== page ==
What is a mortgage prisoner?

Are you trapped in an uncompetitive mortgage deal? Up to 30,000 “mortgage prisoners” could escape their standard variable rate (SVR) deals, following a Financial Conduct Authority (FCA) agreement to relax mortgage switch rules.

Are you trapped in an uncompetitive mortgage deal? Up to 30,000 “mortgage prisoners” could escape their standard variable rate (SVR) deals, following a Financial Conduct Authority (FCA) agreement to relax mortgage switch rules.

Daniel Evans
From the Mortgages team
minute read
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Posted 9 OCTOBER 2020

Why are people trapped in expensive mortgages?

‘Mortgage prisoner’ is a term for homeowners who find themselves trapped in expensive mortgage deals.

There’s a number of reasons why they aren’t able to switch to a better deal or move home, including changes in financial circumstances that lead to homeowners being unable to meet strict affordability criteria laid down by the Financial Conduct Authority (FCA).

Meeting affordability checks

In response to the financial crisis in 2008, the FCA (then the FSA) introduced new lending criteria for homeowners, requiring that borrowers pass strict affordability checks before they could have their mortgages approved.

Since that time, mortgage lenders must evaluate your credit history and spending habits before deciding whether to approve your mortgage application. They can also carry out ‘stress testing’ to check whether you could afford the repayments if income or interest rates were to increase by up to 4% above the standard variable rate (SVR).

If your current financial situation stops you from passing a lender’s affordability checks, then you could become trapped in your mortgage deal or stuck on a SVR mortgage when your current deal ends.

What does it mean to have negative equity?

Negative equity means that the value of your home is lower than the amount still to pay on your mortgage. This puts homeowners in a difficult position when it comes to selling and remortgaging their home.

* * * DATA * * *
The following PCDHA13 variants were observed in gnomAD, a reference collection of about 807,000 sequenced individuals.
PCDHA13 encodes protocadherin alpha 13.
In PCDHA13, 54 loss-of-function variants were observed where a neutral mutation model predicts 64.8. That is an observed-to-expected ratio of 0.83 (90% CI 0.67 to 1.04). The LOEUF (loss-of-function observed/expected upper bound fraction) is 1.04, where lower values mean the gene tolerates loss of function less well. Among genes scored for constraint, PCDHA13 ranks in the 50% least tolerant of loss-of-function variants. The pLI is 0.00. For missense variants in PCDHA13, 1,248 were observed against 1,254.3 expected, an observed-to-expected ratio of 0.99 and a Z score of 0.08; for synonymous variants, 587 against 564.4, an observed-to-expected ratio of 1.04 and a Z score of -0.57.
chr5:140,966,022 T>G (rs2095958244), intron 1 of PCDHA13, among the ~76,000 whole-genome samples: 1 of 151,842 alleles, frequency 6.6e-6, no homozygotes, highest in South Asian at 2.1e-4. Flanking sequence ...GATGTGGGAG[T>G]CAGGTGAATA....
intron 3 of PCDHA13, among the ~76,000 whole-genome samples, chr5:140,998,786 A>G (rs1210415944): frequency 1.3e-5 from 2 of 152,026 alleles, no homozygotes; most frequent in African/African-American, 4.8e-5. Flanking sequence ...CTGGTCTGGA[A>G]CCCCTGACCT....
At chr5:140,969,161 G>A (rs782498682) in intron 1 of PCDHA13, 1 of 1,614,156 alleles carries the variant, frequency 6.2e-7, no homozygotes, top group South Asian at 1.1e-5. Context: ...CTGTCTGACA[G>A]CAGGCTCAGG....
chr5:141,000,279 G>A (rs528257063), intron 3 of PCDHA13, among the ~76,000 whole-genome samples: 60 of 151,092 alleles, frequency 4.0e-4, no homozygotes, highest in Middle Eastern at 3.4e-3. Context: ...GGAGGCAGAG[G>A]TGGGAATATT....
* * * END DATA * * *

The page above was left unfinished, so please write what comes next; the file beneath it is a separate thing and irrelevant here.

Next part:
If a homeowner is unable to remortgage at the end of their mortgage deal, it’s likely that they’ll be moved on to their current lender’s SVR. This will typically be more expensive, making it even more difficult for mortgage prisoners to escape negative equity.

What are the new FCA mortgage switch rules?

In October 2019, the FCA released guidance for mortgage lenders, removing the barriers that stop mortgage prisoners from finding cheaper mortgage deals.

Under the new rules, mortgage prisoners can be released from SVR deals if they are:

  • up to date with their mortgage payments
  • planning to stay in their current property
  • have no plans to take out other loans.

Mark Gordon, director of mortgages at Compare the Market, said: "The FCA’s proposals are clearly intended to reduce the time and cost of switching more generally, which is a win-win for consumers."

What to do if you’re a mortgage prisoner

It can be easy to lose hope when you’re stuck on an expensive mortgage deal. However, there are things you can do to try to release yourself from the trap:

  • Speak to your lender
    They might be able to switch you to a better mortgage deal.
  • Overpay on your mortgage
    If you’re not looking to move home in the near future, gradually overpaying on your current mortgage can be an effective way to escape negative equity.

    Overpaying your mortgage can increase your equity (the portion of the property you own from paying off your mortgage), reduce the overall interest you pay and shorten your mortgage term. Talk to your lender to find out how much you’re allowed to overpay without being charged.
  • Review your finances
    If you’re looking to move and want to increase your mortgage, but you know you’ll struggle to meet the affordability rules, it might be time to review your finances.

    Take stock of all your regular payments, such as gym memberships and phone bills, and consider whether you could switch to cheaper contracts. You could even compare and switch your energy and broadband.
  • Search for a negative equity mortgage
    In some exceptional circumstances, lenders may be willing to offer a negative equity mortgage. This isn’t an option that’s usually advertised, however it’s worth speaking to your lender if you feel you have essential reasons for moving to a new home.

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